It looked like the long-running war was going to get capped at 85 years, but in 1422, Henry V of England and Charles VI of France both died. That pushed the restart button.
Henry was succeeded as King of England by his nine-month-old son Henry VI, whose royal proclamations included things like “na-na-na-na” and “goo-goo”. He was advised (if that’s the right word) by two uncles who happened to be scheming against each other.
The situation in France wasn’t much better. You’ll recall that King Charles VI had disavowed his own heirs and, under the terms of the Treaty of Troyes (1420) acknowledged Henry V as his successor. The rumor was that Charles’s legitimate heir was, well, illegitimate, the result of an affair the queen had with her brother-in-law.
That all seemed pretty harsh to the Dauphin (the title given to the heir-apparent of the French throne). He aspired to become Charles VII, but got chased out of Paris while civil war raged in France. The Dauphin, who was a teenager, set up his palace in a two-bedroom condo south of the Loire Valley; his “kingdom” extended approximately from his garage down to the liquor store at the corner.
Into this mess stepped the most remarkable figure of the entire Hundred Years’ War: Joan of Arc. A peasant girl, she talked her way into an audience with the Dauphin and informed him that through visions, God had instructed her to lead the French army to victory and get the Dauphin crowned king.
Joan must have been incredibly charismatic. Think about it: If you were in the Dauphin’s position and a 17-year-old girl tells you that fantastic story, would you be inclined to say, “Great! Go for it!” It could be argued that at that point, the Dauphin Charles didn’t have much left to lose, so why not give her a shot.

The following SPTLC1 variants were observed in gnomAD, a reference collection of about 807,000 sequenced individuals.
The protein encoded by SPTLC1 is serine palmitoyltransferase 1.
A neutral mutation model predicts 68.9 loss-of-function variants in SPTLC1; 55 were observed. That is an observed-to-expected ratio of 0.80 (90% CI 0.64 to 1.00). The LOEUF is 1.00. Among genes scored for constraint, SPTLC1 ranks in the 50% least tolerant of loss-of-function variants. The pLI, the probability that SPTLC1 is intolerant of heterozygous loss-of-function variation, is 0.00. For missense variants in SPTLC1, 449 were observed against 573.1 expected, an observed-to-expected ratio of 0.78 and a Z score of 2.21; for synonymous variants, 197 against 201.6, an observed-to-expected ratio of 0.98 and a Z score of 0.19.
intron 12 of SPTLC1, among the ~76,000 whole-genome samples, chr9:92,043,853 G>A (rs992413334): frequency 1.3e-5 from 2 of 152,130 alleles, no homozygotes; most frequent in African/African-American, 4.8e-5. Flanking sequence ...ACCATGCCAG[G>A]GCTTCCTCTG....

Anyway, he let Joan lead a small army; they headed off to Orléans, which had been besieged by the English for several months. Within a few days of their arrival in April, 1429, Joan and her troops defeated the English, lifting the Siege of Orléans. That victory got the French fired up again, and is now considered the turning point in the Hundred Years’ War.
Jeanne d’Arc, as she is known in France, then led her soldiers to victory in other battles and was present in Reims when the Dauphin was crowned Charles VII. Thanks to “the Maid of Orléans”, the French army was energized and eager to win back territory held by the English.
Unfortunately for Joan, in May of 1430 she was captured by troops loyal to the Duke of Burgundy, who eventually sold her to the English. When the subject of ransoming this unusual prisoner of war came up, Charles VII (who wouldn’t have been king without her help) was apparently hiding under the bed. Joan was alone, on her own. The English gave her a show trial before burning her at the stake on May 30, 1431.
The war went on for another couple of decades, basically ending after the Battle of Castillon on July 17, 1453. This enabled the English to turn their full attention to fighting each other again, notably in the War of the Roses (1455-1485). No official treaty between the French and the English was ever signed.
The English had their king; the French had theirs. The English did continue to hold Calais until 1558 — which means that when it was finally over, things were left pretty much as they had been at the outset of the Hundred Years’ War.